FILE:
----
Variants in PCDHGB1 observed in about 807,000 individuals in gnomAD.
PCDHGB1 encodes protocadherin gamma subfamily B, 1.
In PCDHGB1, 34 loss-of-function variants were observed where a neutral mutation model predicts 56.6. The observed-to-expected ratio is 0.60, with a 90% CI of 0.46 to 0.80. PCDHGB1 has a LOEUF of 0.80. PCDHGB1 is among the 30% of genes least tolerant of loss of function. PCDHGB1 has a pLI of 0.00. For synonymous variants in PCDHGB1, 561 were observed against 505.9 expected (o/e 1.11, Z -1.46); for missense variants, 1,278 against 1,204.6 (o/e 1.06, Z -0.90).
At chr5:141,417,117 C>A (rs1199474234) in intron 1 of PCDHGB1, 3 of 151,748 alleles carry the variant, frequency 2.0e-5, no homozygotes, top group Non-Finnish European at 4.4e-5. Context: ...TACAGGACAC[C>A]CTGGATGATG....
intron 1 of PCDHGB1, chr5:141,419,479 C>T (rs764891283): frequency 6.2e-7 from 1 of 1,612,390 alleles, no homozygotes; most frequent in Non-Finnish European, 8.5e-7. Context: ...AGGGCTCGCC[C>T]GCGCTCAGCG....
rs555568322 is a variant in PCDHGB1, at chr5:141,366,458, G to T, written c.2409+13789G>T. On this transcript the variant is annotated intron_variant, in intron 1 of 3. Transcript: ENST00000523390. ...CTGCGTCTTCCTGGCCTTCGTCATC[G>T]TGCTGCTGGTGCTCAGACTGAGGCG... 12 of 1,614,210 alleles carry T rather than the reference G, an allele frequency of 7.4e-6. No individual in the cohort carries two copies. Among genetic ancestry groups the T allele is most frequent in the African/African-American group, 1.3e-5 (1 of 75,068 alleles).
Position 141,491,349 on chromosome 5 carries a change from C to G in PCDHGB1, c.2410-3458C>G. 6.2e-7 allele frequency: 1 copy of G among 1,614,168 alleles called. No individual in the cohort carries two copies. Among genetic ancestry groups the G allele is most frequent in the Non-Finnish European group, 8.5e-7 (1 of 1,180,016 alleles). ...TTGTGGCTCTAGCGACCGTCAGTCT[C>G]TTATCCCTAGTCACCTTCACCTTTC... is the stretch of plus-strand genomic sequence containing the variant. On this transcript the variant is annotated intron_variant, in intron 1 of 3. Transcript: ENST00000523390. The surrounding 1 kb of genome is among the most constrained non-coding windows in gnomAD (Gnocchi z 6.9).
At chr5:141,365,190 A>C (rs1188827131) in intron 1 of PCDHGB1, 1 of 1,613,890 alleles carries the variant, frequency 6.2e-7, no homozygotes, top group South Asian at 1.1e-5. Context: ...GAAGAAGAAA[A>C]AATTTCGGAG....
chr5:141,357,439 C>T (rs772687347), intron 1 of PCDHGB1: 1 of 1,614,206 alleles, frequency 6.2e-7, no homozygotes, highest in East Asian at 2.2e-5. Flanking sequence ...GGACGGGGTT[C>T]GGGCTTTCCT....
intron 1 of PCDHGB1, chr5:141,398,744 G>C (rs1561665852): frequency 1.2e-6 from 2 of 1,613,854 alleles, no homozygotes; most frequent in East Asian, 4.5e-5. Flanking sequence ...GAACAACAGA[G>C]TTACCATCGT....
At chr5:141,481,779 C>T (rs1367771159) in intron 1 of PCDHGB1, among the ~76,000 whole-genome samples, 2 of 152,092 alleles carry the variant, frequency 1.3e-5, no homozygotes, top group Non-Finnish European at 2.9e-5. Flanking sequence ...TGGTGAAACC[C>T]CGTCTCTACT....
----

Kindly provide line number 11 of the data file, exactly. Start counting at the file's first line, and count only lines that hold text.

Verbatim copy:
At chr5:141,481,779 C>T (rs1367771159) in intron 1 of PCDHGB1, among the ~76,000 whole-genome samples, 2 of 152,092 alleles carry the variant, frequency 1.3e-5, no homozygotes, top group Non-Finnish European at 2.9e-5. Flanking sequence ...TGGTGAAACC[C>T]CGTCTCTACT....